I didn't know. And told her so. And woke up the next morning with a burning resolve to show the world that I too could read diagrams and fit pieces of precut plywood together. I mean, if a girl's not got that, what has she left to her? I'm as spatially aware as the next person. I built all the Lego spaceships and things in my day – and that was before Lego got all creative and started including bits of huge pre-formed plastic boats and spacecraft that you didn't have to build yourself. Hell, I even dabbled in Technics for a bit (but got bored because they didn't have it in such pretty colours). It hurt that even my mother didn't trust me to build my own furniture (my drawers. For me) and I realised that I needed to salvage what was left of my reputation in a glorious burst of flatpack action.
I didn't start until 1pm. I couldn't find the toolbox. In my defence, it was buried underneath the huge pile of homeless books in our hall (hence the need for bookshelves) and once I had located its big shinyness it only took me a couple of minutes to identify the tools I needed for my mission.
I'm not sure how long the next bit took. It's all a bit of a blur. All I remember is I switched on the TV, and somehow got all the way from Neighbours to the end of the Channel 5 Afternoon Movie (sponsored by people who make dentures – I'm thinking I'm not really their target audience) by way of Doctors, Angela Lansbury, and a brief burst of scary hyper children's dayglo gabble (with lots of people dressed up as bigger muppet people that if I was 5 would have really scared me) before I had a freestanding object with slidey slidey drawers.
And guess what. It stood up. There were a couple of extra screws which worried me for a bit. But I pushed it around a bit and it didn't fall over. Nor did bits fall out of it or go clunk in that horrible oh-bugger-I've-just-dislodged-something-crucial-to-this-whole-contraption way. It did not even wobble. And the drawers went slidey slidey swish. It was a thing of beauty.
So I expected the praise. I expected the sighs of wonder. I even thought there might be tears. But when I told my mother I'd done it – oh so casually – she walked calmly upstairs, and surveyed it, head on one side, with no visible emotion.
"I didn't have any help," I said, just in case my brother was going to pinch the credit.
"I can see that," she said, "it's just a teensy bit squint."
Reader, I defended my drawers to the last. But I still maintain, if they're crooked, that is surely the fault of the person who cut the shapes out in the first place. Whatever. Anyway, my drawers are still standing, and holding stuff, and going slidey slidey swish, and I love them all the more because you can race marbles from one side of the top of them to the other. I have expanded their purpose in life, and surely that is a skill all of its own?
(And for the record, it's the ridged metal pointy bit you use. The black bit is the handle)
March 03, 2005
Or How EuroNovel is the Most Depressing Course You Can Do
Right. So as not to spoil the ending of these books for anyone keen enough to actually want to read them or take the course next year (think hard about that), but yet still prove my point, here, in no particular order, are some of the joyous endings to some happy shiny euronovels you too can enjoy:
Dies horribly of a fever.
Jumps under a train.
Lives, but only after pretty much everyone else has died and his dreams have been shattered.
Marries Mr Knightly and lives happily ever after in a blessed union of love and friendship.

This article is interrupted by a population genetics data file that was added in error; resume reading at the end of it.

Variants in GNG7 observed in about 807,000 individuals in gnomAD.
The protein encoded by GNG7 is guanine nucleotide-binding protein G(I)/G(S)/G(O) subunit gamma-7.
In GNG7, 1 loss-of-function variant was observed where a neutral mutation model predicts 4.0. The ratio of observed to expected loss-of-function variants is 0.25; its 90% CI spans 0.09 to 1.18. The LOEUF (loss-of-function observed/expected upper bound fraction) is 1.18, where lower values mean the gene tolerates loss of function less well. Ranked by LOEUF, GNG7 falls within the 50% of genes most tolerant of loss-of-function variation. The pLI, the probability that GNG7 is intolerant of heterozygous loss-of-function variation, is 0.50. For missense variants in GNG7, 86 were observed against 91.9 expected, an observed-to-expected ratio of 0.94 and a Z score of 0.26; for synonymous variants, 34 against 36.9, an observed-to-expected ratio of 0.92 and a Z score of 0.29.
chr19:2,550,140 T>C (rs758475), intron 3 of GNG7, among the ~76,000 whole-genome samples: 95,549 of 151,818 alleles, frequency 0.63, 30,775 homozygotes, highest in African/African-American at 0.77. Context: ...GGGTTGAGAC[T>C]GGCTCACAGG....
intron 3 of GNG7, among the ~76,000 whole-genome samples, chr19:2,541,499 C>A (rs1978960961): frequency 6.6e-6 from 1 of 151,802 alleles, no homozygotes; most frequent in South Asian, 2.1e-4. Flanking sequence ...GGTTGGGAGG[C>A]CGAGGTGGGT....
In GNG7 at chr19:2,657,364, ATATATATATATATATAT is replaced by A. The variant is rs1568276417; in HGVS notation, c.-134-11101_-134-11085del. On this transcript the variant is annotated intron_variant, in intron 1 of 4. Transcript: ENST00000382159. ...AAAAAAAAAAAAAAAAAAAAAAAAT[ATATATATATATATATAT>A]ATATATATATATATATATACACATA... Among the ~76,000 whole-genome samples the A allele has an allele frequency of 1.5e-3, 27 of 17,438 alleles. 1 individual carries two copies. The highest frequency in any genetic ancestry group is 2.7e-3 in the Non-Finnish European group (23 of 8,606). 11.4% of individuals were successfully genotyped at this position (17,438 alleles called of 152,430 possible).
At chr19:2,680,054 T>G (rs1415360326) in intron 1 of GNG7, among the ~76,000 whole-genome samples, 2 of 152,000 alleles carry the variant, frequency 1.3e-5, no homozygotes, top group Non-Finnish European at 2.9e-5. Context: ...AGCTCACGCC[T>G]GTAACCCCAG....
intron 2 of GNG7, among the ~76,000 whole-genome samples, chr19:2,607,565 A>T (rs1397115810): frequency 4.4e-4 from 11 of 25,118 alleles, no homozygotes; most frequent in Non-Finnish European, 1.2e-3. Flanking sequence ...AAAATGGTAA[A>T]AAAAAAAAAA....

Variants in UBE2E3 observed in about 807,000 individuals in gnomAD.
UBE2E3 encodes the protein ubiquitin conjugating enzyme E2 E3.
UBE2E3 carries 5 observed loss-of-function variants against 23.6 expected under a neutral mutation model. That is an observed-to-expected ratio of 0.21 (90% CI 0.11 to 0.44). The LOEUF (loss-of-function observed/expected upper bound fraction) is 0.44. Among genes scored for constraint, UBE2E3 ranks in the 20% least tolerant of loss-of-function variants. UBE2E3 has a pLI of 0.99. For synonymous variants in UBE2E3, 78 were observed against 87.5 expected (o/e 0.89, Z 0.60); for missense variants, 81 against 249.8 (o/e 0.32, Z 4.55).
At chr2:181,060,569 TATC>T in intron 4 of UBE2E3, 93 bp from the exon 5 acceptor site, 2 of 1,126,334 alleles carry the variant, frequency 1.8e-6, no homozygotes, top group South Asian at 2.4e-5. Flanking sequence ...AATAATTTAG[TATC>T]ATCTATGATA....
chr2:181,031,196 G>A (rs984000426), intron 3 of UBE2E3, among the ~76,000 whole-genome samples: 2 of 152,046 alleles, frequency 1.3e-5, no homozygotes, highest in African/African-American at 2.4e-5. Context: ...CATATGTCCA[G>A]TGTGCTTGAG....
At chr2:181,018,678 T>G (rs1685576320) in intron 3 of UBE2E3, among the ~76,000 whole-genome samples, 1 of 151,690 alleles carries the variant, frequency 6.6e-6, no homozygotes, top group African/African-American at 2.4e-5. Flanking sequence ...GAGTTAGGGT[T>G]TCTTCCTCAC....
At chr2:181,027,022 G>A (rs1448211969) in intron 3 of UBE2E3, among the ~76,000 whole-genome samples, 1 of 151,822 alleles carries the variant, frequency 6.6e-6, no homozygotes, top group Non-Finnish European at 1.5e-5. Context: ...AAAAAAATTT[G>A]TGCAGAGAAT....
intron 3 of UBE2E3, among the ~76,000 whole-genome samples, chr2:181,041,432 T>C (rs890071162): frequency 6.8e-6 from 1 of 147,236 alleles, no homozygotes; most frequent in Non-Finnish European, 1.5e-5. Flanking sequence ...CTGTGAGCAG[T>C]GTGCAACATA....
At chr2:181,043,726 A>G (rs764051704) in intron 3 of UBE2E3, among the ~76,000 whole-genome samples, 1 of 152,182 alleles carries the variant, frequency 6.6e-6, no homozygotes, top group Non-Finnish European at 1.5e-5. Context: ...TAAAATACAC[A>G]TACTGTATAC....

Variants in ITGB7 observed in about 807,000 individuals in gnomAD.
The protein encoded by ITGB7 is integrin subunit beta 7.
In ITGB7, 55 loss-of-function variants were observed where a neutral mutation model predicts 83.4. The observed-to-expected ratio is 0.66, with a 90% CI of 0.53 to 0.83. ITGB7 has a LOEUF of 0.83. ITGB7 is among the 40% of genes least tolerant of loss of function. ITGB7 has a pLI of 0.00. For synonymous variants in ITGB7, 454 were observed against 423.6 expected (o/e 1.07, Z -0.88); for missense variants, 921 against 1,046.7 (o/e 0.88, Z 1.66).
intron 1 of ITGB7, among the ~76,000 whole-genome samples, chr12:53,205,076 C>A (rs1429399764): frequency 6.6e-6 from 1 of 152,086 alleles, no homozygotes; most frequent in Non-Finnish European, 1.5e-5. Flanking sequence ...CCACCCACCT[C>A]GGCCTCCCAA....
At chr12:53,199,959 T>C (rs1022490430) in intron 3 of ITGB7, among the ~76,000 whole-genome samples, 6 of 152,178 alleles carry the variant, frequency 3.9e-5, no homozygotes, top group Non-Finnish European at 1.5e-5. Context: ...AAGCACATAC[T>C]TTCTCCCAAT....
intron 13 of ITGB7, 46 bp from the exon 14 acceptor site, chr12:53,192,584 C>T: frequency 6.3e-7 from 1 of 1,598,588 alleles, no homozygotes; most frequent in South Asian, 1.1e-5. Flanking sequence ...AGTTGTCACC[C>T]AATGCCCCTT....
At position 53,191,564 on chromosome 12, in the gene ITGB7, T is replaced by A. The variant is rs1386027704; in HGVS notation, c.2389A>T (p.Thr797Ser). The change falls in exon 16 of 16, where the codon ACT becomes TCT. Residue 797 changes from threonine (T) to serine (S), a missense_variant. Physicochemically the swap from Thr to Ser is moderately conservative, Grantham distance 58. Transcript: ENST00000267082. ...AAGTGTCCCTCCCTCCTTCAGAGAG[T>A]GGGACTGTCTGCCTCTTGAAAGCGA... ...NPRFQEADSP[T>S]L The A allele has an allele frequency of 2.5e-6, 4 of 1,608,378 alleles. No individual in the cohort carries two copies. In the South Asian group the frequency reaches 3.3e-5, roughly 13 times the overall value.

Takes an overdose.
Lives and eventually marries, but only after they're both old and there's been a lot of rather dull stuff about property law.
Goes to prison for many years.
Just dies, in a somewhat indecipherable fashion.
Lives a short and chaste life of penury (then dies).
Lives, but only after his lover has died in his arms, he's split another man's skull open, someone else has been strangled and there's been an unpleasant incident involving castration. I wouldn't be surprised if he did die soon after that, as he's got next to nothing left (literally).
No prizes for guessing which one Jane Austen wrote.
What's wrong with Euro-novelists? Was there not a single person, apart from dear Jane, who led a contented and fairly happy life?
Or maybe it says more about the tutors who picked the texts for this course. Hmm… I think I ought to make this entry student-viewable only, just in case I have accidentally alluded to the fact that some of the English staff might be somewhat depraved…
February 25, 2005
On our jolly way down from English today (fifth floor), the lift stopped on another floor, and the doors opened. Fair enough. This happens quite a bit. (We have long since had to come to terms with the fact that Literature is not the only thing that happens in Humanities, painful as it is)
But instead of looking out on to the green felt world of languages (fourth floor), or the haphazard scarfy world of theatre-studies-or-whatever-happens-on-the-third-floor, the open doors revealed a long dark corridor, stretching blankly off into the distance, with no sign of human habitation. This, apparently, is the first floor of Humanities, and it has since transpired that nobody I know has any idea of what goes on there, or even knows of anyone who has actually been there and survived the experience. Until today, I had no idea it actually existed.
So what does go on on the first floor? The lights are dimmed. There are no notice boards, no neon posters saying 'Look, here are People doing Things.' There is, in fact, both a distinct lack of people and things. I think it might be a bit like Narnia, only appearing when someone or something wants you to see it… only Narnia had snow and talking animals and lots of warm wholesome meals and milk before bedtime, none of which I think would happen on the first floor.
I get the feeling that once you set foot here, you might never be allowed to leave again. So be warned. If you're alone in the lift, and it suddenly slides open on a dark lonely corridor, don't be tempted to get out. You may never find your way back…
February 21, 2005
My pink grapefruit is yellow inside.
I think the world as I know it may be collapsing.